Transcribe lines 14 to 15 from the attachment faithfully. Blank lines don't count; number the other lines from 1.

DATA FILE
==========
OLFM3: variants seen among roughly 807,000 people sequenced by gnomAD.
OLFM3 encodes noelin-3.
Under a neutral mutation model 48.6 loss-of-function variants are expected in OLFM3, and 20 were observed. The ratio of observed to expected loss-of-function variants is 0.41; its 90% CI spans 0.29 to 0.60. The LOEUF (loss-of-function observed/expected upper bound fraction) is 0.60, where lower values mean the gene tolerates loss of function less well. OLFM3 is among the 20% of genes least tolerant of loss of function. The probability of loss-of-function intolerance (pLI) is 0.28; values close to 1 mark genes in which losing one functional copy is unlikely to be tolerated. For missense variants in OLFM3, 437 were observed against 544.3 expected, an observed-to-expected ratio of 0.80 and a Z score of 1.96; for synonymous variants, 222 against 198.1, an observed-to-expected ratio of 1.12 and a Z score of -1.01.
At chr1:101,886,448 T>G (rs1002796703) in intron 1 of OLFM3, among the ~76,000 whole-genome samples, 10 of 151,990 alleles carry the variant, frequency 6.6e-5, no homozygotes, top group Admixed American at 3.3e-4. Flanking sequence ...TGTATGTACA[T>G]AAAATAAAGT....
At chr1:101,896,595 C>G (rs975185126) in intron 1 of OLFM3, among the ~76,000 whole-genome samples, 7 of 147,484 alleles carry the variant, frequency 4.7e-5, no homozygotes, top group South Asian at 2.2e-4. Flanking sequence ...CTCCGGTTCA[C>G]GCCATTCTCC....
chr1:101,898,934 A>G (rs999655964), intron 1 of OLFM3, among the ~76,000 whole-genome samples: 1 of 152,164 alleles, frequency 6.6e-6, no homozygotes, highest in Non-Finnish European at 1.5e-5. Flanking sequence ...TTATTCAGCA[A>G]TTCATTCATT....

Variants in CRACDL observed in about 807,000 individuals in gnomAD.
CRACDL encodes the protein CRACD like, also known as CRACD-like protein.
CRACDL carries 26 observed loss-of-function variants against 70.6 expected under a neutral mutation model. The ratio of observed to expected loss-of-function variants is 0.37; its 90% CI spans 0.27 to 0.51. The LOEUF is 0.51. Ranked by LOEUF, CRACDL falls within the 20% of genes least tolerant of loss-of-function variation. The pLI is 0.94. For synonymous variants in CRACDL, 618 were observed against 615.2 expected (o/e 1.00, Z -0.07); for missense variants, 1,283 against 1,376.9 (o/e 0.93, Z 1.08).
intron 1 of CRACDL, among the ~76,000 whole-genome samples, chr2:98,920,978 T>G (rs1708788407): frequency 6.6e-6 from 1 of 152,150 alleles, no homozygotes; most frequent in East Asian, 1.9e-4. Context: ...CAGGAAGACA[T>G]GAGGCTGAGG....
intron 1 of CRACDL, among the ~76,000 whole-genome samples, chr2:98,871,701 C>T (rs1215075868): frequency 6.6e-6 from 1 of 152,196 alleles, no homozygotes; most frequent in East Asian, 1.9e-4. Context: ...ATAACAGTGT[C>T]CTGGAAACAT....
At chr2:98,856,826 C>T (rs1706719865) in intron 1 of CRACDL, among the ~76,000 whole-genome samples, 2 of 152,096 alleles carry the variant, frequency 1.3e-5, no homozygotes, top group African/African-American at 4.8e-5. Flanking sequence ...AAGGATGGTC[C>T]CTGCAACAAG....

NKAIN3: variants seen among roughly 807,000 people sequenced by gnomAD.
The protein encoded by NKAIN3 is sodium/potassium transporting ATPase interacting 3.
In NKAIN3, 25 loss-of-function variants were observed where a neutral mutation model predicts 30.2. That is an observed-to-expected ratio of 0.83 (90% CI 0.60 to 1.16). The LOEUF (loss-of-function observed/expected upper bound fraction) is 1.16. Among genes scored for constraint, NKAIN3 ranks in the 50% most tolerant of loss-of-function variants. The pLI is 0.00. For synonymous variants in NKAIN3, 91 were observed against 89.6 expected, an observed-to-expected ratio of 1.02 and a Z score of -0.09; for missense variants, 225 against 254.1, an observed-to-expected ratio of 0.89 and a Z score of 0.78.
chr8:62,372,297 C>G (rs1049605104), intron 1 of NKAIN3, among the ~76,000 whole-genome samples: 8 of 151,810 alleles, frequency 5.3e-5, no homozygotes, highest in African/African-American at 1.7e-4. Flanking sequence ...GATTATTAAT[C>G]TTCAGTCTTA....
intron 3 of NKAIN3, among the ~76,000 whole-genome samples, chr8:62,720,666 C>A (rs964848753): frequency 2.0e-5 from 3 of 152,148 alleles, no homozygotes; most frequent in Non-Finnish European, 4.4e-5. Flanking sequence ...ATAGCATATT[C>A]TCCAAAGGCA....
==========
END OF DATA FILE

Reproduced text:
The protein encoded by NKAIN3 is sodium/potassium transporting ATPase interacting 3.
In NKAIN3, 25 loss-of-function variants were observed where a neutral mutation model predicts 30.2. That is an observed-to-expected ratio of 0.83 (90% CI 0.60 to 1.16). The LOEUF (loss-of-function observed/expected upper bound fraction) is 1.16. Among genes scored for constraint, NKAIN3 ranks in the 50% most tolerant of loss-of-function variants. The pLI is 0.00. For synonymous variants in NKAIN3, 91 were observed against 89.6 expected, an observed-to-expected ratio of 1.02 and a Z score of -0.09; for missense variants, 225 against 254.1, an observed-to-expected ratio of 0.89 and a Z score of 0.78.